How Obama became the superhero of excuses

President Obama won—twice—and then didn’t live up to anybody’s expectations, including his own.

What do you do? Well, if you’re Ezra Klein and a coterie of inflexibly progressive pundits, you repurpose an attack used against President George W. Bush’s bombastic approach to geopolitics. You call anybody who questions Obama’s leadership style a Green Lanternist. In a post for Vox stretching beyond 2,500 words, Klein makes his case against Obama critics.

“Presidents consistently overpromise and underdeliver,” he begins, a fair start. Surely, the editor-in-chief of Vox is going to make the obvious point that presidents and presidential candidates should know enough about the political process (including the limits on the executive branch) to avoid such a breach of trust.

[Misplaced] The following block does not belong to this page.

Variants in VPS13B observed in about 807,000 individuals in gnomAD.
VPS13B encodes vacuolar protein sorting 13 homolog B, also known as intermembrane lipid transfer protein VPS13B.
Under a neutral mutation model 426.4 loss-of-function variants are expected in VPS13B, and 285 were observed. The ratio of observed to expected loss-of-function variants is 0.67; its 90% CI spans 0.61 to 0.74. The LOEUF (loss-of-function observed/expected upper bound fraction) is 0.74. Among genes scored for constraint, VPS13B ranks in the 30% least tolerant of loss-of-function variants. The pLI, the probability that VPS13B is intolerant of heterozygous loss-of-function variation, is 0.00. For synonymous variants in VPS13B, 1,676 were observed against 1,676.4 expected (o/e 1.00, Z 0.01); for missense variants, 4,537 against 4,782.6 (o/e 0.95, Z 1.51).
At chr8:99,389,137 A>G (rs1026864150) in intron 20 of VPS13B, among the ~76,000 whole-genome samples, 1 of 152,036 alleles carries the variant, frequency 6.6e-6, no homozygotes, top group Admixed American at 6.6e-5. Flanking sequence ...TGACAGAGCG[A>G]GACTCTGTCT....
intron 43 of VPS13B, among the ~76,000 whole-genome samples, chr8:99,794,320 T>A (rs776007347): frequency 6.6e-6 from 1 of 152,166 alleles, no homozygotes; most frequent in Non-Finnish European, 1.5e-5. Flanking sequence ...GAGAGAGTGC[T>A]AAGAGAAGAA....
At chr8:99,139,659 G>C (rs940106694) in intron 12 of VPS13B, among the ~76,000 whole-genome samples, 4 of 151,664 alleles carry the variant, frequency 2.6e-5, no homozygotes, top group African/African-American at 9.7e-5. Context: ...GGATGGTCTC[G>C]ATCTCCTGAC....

Klein is a data guy. He must know that the public’s faith in government and politics is on a decades-long slide, a dangerous trend due in no small part to the fact that candidates make promises they know they can’t keep. In Washington, we call it pandering. In the rest of the country, it’s called a lie. Klein yawns.